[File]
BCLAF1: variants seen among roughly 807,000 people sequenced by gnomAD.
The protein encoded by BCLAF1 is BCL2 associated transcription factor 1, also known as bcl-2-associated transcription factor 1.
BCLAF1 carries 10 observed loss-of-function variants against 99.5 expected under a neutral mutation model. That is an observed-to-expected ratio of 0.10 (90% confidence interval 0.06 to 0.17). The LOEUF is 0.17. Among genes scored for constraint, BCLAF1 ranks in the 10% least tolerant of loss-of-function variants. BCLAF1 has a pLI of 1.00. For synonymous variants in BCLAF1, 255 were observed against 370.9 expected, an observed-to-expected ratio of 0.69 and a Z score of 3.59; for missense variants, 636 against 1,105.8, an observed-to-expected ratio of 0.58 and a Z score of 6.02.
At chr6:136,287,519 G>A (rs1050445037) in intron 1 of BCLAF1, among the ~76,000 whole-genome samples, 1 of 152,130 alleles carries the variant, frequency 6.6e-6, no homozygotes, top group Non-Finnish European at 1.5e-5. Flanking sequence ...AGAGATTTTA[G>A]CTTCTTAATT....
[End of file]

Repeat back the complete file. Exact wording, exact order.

BCLAF1: variants seen among roughly 807,000 people sequenced by gnomAD.
The protein encoded by BCLAF1 is BCL2 associated transcription factor 1, also known as bcl-2-associated transcription factor 1.
BCLAF1 carries 10 observed loss-of-function variants against 99.5 expected under a neutral mutation model. That is an observed-to-expected ratio of 0.10 (90% confidence interval 0.06 to 0.17). The LOEUF is 0.17. Among genes scored for constraint, BCLAF1 ranks in the 10% least tolerant of loss-of-function variants. BCLAF1 has a pLI of 1.00. For synonymous variants in BCLAF1, 255 were observed against 370.9 expected, an observed-to-expected ratio of 0.69 and a Z score of 3.59; for missense variants, 636 against 1,105.8, an observed-to-expected ratio of 0.58 and a Z score of 6.02.
At chr6:136,287,519 G>A (rs1050445037) in intron 1 of BCLAF1, among the ~76,000 whole-genome samples, 1 of 152,130 alleles carries the variant, frequency 6.6e-6, no homozygotes, top group Non-Finnish European at 1.5e-5. Flanking sequence ...AGAGATTTTA[G>A]CTTCTTAATT....